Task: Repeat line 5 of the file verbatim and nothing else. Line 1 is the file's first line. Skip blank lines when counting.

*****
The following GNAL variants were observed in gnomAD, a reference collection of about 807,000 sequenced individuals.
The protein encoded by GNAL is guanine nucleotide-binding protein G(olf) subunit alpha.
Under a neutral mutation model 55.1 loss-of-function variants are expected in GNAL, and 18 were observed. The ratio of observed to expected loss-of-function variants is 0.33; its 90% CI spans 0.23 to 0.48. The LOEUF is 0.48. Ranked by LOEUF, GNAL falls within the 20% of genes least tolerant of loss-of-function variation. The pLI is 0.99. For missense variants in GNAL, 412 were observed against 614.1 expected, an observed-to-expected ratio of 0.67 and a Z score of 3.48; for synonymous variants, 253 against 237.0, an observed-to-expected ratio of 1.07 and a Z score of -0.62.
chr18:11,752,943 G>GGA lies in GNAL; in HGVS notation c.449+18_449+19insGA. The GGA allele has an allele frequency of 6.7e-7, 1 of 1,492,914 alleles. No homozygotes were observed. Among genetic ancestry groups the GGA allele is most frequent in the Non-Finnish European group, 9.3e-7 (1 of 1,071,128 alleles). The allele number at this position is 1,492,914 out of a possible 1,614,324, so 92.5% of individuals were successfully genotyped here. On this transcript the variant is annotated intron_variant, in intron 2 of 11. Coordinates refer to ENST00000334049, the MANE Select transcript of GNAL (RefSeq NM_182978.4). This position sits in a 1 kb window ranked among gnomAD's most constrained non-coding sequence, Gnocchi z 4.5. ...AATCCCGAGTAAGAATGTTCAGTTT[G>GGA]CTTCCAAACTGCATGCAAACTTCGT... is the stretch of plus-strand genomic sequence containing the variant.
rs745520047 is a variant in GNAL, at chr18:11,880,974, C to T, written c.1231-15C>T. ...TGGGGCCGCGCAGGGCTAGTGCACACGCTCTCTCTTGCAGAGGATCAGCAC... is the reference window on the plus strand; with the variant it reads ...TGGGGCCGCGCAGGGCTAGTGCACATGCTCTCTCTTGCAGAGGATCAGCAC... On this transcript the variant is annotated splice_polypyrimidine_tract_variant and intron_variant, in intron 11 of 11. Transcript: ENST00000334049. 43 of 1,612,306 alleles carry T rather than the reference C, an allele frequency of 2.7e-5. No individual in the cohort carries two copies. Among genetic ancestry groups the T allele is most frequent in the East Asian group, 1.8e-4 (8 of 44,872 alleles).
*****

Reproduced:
rs745520047 is a variant in GNAL, at chr18:11,880,974, C to T, written c.1231-15C>T. ...TGGGGCCGCGCAGGGCTAGTGCACACGCTCTCTCTTGCAGAGGATCAGCAC... is the reference window on the plus strand; with the variant it reads ...TGGGGCCGCGCAGGGCTAGTGCACATGCTCTCTCTTGCAGAGGATCAGCAC... On this transcript the variant is annotated splice_polypyrimidine_tract_variant and intron_variant, in intron 11 of 11. Transcript: ENST00000334049. 43 of 1,612,306 alleles carry T rather than the reference C, an allele frequency of 2.7e-5. No individual in the cohort carries two copies. Among genetic ancestry groups the T allele is most frequent in the East Asian group, 1.8e-4 (8 of 44,872 alleles).